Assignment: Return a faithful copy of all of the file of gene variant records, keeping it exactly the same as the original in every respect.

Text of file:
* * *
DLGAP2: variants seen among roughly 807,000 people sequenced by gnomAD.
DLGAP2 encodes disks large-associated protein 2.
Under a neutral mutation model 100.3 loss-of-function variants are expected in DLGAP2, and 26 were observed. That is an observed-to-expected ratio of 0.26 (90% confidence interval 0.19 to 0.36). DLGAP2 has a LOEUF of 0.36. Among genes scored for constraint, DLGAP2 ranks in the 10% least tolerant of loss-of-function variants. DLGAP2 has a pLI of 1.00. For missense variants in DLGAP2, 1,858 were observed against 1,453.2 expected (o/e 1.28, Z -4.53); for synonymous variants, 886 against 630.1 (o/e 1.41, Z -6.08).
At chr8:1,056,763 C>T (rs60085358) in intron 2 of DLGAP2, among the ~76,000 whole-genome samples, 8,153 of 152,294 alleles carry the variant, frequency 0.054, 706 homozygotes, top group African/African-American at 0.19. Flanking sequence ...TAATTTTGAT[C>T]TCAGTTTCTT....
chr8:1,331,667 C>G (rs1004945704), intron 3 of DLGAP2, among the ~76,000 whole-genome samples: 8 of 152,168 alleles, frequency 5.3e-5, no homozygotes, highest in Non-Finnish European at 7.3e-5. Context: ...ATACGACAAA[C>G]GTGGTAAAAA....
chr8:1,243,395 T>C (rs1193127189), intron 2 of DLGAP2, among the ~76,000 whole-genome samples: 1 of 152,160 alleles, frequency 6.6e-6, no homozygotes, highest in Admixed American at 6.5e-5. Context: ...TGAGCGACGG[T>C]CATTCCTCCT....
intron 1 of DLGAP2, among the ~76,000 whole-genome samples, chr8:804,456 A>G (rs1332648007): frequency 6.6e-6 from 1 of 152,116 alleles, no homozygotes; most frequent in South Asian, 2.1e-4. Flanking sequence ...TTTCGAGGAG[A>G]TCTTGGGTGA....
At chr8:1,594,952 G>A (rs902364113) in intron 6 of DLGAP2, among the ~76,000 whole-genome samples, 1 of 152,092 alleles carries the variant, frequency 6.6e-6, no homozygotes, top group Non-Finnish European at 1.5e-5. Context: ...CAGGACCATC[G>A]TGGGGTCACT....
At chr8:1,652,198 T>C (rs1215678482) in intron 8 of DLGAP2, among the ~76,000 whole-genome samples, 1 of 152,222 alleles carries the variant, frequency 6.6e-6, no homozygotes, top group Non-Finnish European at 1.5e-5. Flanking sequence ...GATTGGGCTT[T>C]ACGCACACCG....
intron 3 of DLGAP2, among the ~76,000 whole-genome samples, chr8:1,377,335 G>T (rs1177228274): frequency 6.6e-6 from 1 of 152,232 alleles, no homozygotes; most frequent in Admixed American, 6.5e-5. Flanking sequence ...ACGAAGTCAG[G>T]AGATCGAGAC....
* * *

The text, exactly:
DLGAP2: variants seen among roughly 807,000 people sequenced by gnomAD.
DLGAP2 encodes disks large-associated protein 2.
Under a neutral mutation model 100.3 loss-of-function variants are expected in DLGAP2, and 26 were observed. That is an observed-to-expected ratio of 0.26 (90% confidence interval 0.19 to 0.36). DLGAP2 has a LOEUF of 0.36. Among genes scored for constraint, DLGAP2 ranks in the 10% least tolerant of loss-of-function variants. DLGAP2 has a pLI of 1.00. For missense variants in DLGAP2, 1,858 were observed against 1,453.2 expected (o/e 1.28, Z -4.53); for synonymous variants, 886 against 630.1 (o/e 1.41, Z -6.08).
At chr8:1,056,763 C>T (rs60085358) in intron 2 of DLGAP2, among the ~76,000 whole-genome samples, 8,153 of 152,294 alleles carry the variant, frequency 0.054, 706 homozygotes, top group African/African-American at 0.19. Flanking sequence ...TAATTTTGAT[C>T]TCAGTTTCTT....
chr8:1,331,667 C>G (rs1004945704), intron 3 of DLGAP2, among the ~76,000 whole-genome samples: 8 of 152,168 alleles, frequency 5.3e-5, no homozygotes, highest in Non-Finnish European at 7.3e-5. Context: ...ATACGACAAA[C>G]GTGGTAAAAA....
chr8:1,243,395 T>C (rs1193127189), intron 2 of DLGAP2, among the ~76,000 whole-genome samples: 1 of 152,160 alleles, frequency 6.6e-6, no homozygotes, highest in Admixed American at 6.5e-5. Context: ...TGAGCGACGG[T>C]CATTCCTCCT....
intron 1 of DLGAP2, among the ~76,000 whole-genome samples, chr8:804,456 A>G (rs1332648007): frequency 6.6e-6 from 1 of 152,116 alleles, no homozygotes; most frequent in South Asian, 2.1e-4. Flanking sequence ...TTTCGAGGAG[A>G]TCTTGGGTGA....
At chr8:1,594,952 G>A (rs902364113) in intron 6 of DLGAP2, among the ~76,000 whole-genome samples, 1 of 152,092 alleles carries the variant, frequency 6.6e-6, no homozygotes, top group Non-Finnish European at 1.5e-5. Context: ...CAGGACCATC[G>A]TGGGGTCACT....
At chr8:1,652,198 T>C (rs1215678482) in intron 8 of DLGAP2, among the ~76,000 whole-genome samples, 1 of 152,222 alleles carries the variant, frequency 6.6e-6, no homozygotes, top group Non-Finnish European at 1.5e-5. Flanking sequence ...GATTGGGCTT[T>C]ACGCACACCG....
intron 3 of DLGAP2, among the ~76,000 whole-genome samples, chr8:1,377,335 G>T (rs1177228274): frequency 6.6e-6 from 1 of 152,232 alleles, no homozygotes; most frequent in Admixed American, 6.5e-5. Flanking sequence ...ACGAAGTCAG[G>T]AGATCGAGAC....